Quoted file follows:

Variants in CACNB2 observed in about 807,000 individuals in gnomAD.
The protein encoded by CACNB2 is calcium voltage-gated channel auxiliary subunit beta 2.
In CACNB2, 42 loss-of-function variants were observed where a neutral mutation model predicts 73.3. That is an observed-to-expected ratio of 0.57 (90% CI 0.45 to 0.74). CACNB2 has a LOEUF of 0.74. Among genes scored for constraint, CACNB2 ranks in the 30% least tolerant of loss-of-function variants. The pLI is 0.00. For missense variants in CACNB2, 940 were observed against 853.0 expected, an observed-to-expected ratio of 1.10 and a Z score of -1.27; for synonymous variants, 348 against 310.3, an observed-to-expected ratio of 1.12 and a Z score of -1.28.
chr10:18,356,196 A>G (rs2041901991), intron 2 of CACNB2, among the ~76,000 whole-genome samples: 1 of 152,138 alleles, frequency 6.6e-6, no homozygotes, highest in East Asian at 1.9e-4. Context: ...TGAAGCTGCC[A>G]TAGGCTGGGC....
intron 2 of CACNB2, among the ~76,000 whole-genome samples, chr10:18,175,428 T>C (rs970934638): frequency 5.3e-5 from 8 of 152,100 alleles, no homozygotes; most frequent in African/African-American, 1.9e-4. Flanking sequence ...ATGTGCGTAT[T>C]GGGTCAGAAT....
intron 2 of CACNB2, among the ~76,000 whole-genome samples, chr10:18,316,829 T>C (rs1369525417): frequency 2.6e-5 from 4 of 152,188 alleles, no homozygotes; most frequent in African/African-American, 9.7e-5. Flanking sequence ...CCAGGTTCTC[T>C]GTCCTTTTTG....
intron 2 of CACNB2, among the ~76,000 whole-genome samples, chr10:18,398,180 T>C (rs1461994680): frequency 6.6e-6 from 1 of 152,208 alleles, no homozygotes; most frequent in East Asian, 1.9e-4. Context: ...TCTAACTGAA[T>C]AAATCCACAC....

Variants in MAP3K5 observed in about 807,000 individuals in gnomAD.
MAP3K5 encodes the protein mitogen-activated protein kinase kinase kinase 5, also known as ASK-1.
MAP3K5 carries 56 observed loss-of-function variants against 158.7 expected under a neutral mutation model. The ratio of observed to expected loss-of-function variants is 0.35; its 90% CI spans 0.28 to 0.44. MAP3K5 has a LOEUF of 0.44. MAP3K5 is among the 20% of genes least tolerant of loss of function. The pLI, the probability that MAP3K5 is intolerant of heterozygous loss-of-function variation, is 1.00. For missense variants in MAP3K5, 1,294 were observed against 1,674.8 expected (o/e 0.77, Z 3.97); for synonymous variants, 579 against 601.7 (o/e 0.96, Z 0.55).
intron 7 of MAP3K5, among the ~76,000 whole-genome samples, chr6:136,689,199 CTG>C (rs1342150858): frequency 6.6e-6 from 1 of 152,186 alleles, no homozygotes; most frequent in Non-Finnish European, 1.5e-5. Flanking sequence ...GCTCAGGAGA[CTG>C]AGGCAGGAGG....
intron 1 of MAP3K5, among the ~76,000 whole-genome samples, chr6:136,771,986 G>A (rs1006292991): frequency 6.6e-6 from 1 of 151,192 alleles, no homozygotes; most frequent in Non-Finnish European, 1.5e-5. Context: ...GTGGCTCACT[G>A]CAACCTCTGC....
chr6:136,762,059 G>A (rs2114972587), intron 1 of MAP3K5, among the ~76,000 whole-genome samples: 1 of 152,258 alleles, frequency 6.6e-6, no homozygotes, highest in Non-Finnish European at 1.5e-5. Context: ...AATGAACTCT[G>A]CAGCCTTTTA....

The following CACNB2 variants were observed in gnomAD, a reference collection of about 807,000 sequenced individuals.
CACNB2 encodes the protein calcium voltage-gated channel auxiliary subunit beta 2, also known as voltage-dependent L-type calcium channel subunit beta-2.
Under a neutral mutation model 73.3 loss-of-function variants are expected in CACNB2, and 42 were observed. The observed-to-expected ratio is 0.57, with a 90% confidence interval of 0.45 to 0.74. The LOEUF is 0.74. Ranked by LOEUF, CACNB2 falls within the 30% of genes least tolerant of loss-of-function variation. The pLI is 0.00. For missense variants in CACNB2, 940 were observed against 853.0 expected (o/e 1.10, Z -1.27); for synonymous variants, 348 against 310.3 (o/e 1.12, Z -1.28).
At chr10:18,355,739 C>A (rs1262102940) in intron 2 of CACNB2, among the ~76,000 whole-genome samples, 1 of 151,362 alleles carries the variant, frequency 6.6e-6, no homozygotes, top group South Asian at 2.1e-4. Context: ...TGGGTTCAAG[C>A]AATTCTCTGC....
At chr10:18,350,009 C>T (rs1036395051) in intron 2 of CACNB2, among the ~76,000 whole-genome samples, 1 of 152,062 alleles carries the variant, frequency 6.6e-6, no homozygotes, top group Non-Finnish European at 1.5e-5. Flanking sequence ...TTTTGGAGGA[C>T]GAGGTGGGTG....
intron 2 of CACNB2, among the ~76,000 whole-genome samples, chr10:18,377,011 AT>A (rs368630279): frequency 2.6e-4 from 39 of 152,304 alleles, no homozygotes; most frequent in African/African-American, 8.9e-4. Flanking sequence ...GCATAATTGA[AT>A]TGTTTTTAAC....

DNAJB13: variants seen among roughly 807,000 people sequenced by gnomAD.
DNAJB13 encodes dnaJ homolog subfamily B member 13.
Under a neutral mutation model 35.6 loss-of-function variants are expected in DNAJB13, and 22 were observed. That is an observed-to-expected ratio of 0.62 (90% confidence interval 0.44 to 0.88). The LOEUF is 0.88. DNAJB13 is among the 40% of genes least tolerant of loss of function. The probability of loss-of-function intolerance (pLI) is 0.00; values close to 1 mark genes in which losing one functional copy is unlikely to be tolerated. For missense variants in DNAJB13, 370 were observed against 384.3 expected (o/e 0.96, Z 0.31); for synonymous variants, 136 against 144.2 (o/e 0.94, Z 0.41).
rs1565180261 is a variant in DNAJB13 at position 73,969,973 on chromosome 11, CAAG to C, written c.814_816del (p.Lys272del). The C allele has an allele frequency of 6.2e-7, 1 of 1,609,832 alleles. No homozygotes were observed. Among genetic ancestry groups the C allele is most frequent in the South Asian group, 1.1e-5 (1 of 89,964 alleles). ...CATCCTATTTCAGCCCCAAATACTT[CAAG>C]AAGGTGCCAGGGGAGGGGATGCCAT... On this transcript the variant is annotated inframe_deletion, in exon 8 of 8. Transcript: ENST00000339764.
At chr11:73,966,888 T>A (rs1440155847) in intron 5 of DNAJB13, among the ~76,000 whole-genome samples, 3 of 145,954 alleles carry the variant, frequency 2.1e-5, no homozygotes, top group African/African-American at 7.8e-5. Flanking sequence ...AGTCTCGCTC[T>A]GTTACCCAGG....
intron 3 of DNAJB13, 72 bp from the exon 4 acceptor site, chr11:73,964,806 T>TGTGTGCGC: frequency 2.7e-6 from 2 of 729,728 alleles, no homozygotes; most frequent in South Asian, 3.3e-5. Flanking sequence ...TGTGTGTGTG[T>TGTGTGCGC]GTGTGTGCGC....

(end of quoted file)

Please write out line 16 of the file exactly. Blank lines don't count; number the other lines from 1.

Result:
Under a neutral mutation model 73.3 loss-of-function variants are expected in CACNB2, and 42 were observed. The observed-to-expected ratio is 0.57, with a 90% confidence interval of 0.45 to 0.74. The LOEUF is 0.74. Ranked by LOEUF, CACNB2 falls within the 30% of genes least tolerant of loss-of-function variation. The pLI is 0.00. For missense variants in CACNB2, 940 were observed against 853.0 expected (o/e 1.10, Z -1.27); for synonymous variants, 348 against 310.3 (o/e 1.12, Z -1.28).